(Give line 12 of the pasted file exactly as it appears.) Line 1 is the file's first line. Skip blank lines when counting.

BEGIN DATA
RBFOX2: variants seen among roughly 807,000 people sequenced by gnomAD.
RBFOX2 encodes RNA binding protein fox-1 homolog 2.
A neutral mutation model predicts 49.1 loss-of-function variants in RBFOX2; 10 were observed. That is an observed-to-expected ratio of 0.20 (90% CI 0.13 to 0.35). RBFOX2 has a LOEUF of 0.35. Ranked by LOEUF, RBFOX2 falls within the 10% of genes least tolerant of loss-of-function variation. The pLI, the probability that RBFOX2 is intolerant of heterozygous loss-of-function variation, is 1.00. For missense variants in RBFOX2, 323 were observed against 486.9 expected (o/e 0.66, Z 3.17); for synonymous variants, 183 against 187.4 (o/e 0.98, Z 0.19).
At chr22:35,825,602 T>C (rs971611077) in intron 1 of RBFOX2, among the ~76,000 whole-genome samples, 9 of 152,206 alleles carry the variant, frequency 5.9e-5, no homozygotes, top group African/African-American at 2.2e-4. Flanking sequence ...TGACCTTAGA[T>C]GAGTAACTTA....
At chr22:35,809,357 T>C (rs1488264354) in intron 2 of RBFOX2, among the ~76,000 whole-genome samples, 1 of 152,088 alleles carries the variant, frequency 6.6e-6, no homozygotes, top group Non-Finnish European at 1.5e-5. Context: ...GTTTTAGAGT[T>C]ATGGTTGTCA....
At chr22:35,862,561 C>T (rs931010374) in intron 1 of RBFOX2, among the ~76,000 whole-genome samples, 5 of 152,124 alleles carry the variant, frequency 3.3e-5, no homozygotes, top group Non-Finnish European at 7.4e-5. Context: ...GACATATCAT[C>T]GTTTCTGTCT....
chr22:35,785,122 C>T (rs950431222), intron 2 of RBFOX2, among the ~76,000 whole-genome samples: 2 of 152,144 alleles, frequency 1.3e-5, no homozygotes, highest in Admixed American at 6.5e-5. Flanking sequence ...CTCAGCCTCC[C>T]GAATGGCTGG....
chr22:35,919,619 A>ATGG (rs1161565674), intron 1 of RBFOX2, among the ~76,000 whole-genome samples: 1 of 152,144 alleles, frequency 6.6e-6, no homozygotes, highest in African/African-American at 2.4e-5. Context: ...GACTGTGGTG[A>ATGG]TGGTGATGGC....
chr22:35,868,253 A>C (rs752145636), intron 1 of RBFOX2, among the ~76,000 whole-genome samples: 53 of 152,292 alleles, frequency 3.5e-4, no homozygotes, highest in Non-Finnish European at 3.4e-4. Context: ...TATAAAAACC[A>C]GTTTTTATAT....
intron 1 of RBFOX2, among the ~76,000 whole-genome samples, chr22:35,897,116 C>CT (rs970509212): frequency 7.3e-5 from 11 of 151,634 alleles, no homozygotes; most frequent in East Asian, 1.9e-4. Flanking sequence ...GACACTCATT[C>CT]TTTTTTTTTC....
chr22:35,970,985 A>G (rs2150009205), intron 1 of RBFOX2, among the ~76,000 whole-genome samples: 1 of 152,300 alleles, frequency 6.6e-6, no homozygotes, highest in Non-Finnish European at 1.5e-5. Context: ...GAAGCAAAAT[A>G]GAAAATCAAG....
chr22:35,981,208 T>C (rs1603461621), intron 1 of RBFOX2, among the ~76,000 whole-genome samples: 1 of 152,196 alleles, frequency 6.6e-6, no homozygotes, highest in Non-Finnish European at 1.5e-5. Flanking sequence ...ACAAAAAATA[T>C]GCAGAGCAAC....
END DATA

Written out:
chr22:35,981,208 T>C (rs1603461621), intron 1 of RBFOX2, among the ~76,000 whole-genome samples: 1 of 152,196 alleles, frequency 6.6e-6, no homozygotes, highest in Non-Finnish European at 1.5e-5. Flanking sequence ...ACAAAAAATA[T>C]GCAGAGCAAC....